Any one of the first four scenarios could undermine the Dollar Standard, but the final scenario, where interest rates fall very near 0%, would certainly deal it a fatal blow. From that point, the only option left to stimulate aggregate demand would be to drop paper money from helicopters. That too would fail, however, for who would accept paper dropped from helicopters in exchange for real goods and services? Hyperinflation would quickly set in. Economic transactions would then be conducted through barter rather than via the medium of a debased script. Eventually, a gold standard would re-emerge.

Exactly how these events will unfold is impossible to forecast; nevertheless, the eventual outcome is within sight. The Dollar Standard is inherently flawed and increasingly unstable. Its demise is imminent. The only question is will it be death by fire—hyperinflation—or death by ice—deflation? Fortunes will be made and lost depending on the answer to that question.

6 comments

  1. I had read Mr. Duncan’s Book “The Dollar Crisis” in 2004 and re-read after the ’08 collapse with spine tingling detail as to the predictions vivid nature of what actually transpired before our eyes. Three cheers to Mr. Duncan, the modern day Paul Revere, whom few politicians seem to have an open ear to. It is tragic to know the future and not be able to do anything to stop it. Mr. Duncan’s more recent work, “The Corruption of Capitalism” gave the road map for any dope in Washington to read from. I guess they don’t have time to read anymore way up at the top (except from teleprompters) and so we are all doomed to repeat the sins and ultimate failure of all Fiat currency endeavors.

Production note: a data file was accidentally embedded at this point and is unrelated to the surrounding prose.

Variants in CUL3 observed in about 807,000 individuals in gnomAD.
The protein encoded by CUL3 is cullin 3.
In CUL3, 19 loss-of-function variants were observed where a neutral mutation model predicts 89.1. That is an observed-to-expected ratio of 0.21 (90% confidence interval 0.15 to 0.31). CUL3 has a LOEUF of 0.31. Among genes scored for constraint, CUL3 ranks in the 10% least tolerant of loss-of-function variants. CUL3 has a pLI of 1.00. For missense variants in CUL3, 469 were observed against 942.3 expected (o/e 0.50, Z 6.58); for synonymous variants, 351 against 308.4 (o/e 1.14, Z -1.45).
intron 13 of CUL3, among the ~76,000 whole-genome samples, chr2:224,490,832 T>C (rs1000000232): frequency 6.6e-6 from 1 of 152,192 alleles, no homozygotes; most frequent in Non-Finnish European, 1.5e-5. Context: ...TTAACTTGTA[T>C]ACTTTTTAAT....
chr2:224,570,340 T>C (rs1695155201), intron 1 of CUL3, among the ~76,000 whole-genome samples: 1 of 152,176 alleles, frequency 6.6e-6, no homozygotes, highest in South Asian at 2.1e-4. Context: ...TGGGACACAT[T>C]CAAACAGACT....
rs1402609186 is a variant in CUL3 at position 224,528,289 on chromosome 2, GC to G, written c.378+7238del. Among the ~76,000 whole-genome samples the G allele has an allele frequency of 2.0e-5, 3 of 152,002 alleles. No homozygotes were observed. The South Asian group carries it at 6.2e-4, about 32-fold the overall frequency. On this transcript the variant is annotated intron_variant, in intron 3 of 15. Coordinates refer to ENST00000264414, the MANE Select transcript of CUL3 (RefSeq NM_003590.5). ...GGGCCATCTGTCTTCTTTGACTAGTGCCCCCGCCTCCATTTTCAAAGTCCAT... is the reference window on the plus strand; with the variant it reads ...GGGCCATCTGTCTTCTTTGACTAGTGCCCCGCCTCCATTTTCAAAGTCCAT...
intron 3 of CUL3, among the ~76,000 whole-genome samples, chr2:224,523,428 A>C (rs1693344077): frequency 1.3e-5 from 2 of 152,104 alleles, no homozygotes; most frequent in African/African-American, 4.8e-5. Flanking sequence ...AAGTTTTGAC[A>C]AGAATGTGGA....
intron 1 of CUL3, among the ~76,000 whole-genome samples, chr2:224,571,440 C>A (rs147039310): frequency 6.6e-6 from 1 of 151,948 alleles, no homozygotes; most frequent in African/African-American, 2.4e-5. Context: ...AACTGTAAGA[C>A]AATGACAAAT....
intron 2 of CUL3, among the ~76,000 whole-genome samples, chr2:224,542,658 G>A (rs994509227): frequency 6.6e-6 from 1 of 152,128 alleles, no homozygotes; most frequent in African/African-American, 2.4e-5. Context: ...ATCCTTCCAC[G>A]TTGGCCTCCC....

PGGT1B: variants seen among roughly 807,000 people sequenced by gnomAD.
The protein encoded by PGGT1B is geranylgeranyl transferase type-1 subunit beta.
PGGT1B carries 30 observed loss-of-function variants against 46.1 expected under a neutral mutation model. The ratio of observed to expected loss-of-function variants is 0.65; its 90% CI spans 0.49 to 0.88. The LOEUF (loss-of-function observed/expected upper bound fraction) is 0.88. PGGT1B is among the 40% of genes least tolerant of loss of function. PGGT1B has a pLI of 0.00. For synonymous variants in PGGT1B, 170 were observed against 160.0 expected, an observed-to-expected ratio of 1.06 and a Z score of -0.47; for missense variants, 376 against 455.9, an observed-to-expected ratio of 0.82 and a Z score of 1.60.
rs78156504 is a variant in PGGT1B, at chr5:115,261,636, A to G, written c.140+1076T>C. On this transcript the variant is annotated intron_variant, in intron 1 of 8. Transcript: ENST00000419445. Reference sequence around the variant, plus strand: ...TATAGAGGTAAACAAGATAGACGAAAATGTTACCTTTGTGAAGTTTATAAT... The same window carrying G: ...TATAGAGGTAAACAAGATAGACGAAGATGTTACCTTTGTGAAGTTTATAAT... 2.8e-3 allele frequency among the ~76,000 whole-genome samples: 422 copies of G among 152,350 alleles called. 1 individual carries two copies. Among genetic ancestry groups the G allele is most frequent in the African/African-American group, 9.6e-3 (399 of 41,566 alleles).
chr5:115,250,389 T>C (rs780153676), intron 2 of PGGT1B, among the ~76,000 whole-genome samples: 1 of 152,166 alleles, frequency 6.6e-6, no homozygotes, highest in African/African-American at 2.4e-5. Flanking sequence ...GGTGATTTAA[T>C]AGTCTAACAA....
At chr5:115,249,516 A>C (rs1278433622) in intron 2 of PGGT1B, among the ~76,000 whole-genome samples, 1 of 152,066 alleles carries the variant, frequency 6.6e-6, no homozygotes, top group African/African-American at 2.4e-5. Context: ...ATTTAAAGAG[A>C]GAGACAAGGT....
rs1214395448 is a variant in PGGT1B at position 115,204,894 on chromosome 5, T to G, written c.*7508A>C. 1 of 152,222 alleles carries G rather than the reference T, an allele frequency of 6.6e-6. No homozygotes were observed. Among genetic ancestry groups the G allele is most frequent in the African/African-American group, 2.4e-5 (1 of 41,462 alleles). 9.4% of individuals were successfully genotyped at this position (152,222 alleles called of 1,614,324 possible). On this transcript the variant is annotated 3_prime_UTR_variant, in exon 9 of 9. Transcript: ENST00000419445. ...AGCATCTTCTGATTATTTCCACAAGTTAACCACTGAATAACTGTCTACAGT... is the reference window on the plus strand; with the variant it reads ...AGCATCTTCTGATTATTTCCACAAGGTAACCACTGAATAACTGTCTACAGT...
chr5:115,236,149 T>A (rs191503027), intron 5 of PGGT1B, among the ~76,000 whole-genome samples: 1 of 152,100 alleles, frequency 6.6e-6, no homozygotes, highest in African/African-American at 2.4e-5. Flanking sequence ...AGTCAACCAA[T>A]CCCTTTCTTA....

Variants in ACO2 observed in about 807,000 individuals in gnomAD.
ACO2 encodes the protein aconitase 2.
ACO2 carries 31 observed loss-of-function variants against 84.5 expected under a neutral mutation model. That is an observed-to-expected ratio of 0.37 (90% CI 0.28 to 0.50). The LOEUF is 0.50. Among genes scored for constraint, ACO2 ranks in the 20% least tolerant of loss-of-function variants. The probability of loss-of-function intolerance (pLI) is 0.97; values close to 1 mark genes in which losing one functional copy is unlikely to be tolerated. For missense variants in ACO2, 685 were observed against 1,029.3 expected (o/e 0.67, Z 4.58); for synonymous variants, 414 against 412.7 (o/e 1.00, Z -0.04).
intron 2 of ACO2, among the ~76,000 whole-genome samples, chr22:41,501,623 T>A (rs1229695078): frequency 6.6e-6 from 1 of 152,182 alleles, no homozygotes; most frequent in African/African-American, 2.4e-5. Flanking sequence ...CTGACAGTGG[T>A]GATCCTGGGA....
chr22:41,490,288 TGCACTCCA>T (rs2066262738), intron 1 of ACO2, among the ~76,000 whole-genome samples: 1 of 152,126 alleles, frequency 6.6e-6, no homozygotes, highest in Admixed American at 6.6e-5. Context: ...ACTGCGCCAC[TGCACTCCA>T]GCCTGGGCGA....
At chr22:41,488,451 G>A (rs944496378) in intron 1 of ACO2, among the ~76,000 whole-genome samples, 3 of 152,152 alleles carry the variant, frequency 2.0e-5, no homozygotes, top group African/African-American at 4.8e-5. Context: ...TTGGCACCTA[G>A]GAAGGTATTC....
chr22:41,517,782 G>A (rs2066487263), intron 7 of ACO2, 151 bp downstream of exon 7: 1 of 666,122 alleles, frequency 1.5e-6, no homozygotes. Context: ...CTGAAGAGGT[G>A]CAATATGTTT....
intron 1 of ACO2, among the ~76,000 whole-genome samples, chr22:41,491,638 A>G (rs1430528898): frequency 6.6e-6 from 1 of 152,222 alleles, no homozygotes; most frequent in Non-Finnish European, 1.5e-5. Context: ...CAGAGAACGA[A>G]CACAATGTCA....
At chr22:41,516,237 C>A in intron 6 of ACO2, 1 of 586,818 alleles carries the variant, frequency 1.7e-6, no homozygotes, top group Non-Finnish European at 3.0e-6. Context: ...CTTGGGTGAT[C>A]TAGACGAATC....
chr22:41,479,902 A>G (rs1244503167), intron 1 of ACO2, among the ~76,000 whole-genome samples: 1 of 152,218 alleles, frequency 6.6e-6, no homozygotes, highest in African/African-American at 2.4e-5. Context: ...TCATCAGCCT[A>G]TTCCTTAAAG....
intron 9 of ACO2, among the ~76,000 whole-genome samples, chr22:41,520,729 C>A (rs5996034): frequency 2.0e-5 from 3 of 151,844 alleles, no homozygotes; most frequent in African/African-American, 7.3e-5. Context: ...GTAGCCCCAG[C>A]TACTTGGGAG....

2. “The only question is will it be death by fire—hyperinflation—or death by ice—deflation? Fortunes will be made and lost depending on the answer to that question.”

    Has deflation ever happened for an extended period of time in a fiat money environment? Even in Japan, the average annual inflation rate has been 3% for the past 40 years. In other countries inflation ran out of control. And it is easier (relatively) to get rid of the debt/paper asset burden in a quick hyperinflation than in a long and prolonged deflation with bankruptcies along the way.

    However, just to put our mind at rest, we could allocate 50% of our assets in gold, and the other 50% in cash/bonds. And then we can go fishing or buy some popcorn and beer and watch the events unfold…

    In 2009 Mr. Duncan wrote that the US would likely to have 5-10 years to implement a solution. With all these new developments (debt ceiling debate, S&P downgrade, China credit bubble bursting, PIIGS defaults, etc.), has this timeframe got shortened?

  3. I first read your book in 2005, and then reread it again shortly thereafter. It’s amazing just how well you described the nature of the crisis then and how percent your words turned out to be.

  4. So what do you recommend? Do you have books that tell us what to do?
    I realize it could go either way deflation/inflation… What should we do so we could survive and maybe even prosper in a scenario like that? Some folks if they know what to do will get rich… I don’t know what to do. I’m a teacher and and have 2 small bussiness in order to have investment money.
    HELP!

  5. I am very glad to see that Richard Duncan has this blog. I read the books with fascination.

    I would be interested to see an analysis of the impact of demographic trends regarding the fire/ice question above. Does the passing of the baby boom generation mean increased saving rate (paying down debt), and does this mean deflation?